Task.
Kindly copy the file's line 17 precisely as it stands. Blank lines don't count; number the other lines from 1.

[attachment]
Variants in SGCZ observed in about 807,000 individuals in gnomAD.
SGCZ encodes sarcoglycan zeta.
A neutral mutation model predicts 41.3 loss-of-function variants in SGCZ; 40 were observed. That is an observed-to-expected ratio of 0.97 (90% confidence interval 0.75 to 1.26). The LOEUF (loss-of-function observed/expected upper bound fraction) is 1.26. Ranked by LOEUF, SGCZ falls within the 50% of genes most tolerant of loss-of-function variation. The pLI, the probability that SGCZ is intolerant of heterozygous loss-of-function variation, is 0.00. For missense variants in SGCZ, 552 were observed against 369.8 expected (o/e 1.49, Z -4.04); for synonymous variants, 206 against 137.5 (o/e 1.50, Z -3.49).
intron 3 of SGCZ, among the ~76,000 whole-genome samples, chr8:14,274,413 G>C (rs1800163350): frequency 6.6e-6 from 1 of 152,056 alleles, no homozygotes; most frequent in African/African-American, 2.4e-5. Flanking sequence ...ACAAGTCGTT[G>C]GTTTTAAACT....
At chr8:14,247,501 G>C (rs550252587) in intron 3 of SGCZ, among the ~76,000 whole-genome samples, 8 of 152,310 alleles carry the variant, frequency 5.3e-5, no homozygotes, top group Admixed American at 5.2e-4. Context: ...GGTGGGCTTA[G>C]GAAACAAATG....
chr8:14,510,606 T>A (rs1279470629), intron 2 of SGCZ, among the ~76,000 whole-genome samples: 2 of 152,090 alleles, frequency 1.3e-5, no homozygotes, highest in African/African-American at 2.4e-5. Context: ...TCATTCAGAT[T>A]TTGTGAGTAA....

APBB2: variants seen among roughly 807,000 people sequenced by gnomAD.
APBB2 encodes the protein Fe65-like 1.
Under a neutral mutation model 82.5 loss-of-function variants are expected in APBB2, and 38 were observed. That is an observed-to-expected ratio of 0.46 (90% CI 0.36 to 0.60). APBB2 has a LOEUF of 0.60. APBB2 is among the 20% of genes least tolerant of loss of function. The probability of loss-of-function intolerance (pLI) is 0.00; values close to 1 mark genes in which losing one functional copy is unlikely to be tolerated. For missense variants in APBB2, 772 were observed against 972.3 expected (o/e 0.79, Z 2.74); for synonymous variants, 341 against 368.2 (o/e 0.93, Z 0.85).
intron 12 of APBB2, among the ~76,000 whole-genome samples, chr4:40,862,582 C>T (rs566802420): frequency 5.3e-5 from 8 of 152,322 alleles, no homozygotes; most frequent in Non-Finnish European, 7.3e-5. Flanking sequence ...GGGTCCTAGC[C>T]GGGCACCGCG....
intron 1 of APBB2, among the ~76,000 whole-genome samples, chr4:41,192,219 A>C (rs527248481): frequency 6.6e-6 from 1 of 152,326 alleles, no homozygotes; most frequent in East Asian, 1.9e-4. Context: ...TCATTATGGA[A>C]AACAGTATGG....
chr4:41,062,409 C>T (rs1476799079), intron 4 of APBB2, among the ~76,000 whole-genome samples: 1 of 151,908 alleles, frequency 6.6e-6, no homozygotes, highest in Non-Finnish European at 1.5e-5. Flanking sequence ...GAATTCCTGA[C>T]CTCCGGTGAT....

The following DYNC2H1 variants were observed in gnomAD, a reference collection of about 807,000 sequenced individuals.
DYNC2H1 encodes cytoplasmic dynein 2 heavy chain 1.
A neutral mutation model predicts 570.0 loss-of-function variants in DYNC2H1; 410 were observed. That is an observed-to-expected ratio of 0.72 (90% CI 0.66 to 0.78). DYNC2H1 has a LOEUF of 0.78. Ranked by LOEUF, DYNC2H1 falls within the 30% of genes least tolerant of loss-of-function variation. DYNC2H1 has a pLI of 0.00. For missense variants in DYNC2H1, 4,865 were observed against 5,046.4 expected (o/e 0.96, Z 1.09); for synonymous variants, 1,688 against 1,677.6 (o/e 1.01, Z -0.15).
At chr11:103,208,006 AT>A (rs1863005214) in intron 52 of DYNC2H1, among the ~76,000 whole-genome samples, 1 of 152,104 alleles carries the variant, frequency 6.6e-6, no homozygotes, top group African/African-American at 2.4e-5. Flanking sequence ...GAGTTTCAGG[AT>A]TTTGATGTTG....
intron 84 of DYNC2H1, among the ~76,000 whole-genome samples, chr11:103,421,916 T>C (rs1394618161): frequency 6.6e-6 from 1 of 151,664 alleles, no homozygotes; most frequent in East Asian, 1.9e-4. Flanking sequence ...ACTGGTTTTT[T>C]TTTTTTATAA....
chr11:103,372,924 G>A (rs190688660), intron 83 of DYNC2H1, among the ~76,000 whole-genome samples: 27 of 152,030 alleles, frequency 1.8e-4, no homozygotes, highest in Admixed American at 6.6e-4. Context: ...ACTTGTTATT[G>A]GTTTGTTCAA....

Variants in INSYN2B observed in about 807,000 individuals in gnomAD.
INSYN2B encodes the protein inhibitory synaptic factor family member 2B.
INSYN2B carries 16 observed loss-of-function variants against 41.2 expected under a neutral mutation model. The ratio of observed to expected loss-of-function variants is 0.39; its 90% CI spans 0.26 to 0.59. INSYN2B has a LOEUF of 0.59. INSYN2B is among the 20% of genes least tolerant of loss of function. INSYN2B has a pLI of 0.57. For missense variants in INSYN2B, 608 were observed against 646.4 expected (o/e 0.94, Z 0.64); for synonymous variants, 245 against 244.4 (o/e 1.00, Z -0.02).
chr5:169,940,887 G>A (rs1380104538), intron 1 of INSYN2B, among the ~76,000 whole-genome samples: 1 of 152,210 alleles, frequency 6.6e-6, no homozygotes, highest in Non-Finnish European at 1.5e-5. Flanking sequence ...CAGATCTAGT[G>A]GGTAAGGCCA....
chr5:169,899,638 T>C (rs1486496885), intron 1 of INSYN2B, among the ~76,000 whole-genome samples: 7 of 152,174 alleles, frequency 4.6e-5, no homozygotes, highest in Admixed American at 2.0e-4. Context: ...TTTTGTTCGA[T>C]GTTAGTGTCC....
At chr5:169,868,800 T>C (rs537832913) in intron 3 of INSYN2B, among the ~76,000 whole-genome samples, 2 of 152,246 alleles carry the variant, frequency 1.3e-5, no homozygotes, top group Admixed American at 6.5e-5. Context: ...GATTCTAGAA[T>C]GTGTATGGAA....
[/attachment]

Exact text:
intron 84 of DYNC2H1, among the ~76,000 whole-genome samples, chr11:103,421,916 T>C (rs1394618161): frequency 6.6e-6 from 1 of 151,664 alleles, no homozygotes; most frequent in East Asian, 1.9e-4. Flanking sequence ...ACTGGTTTTT[T>C]TTTTTTATAA....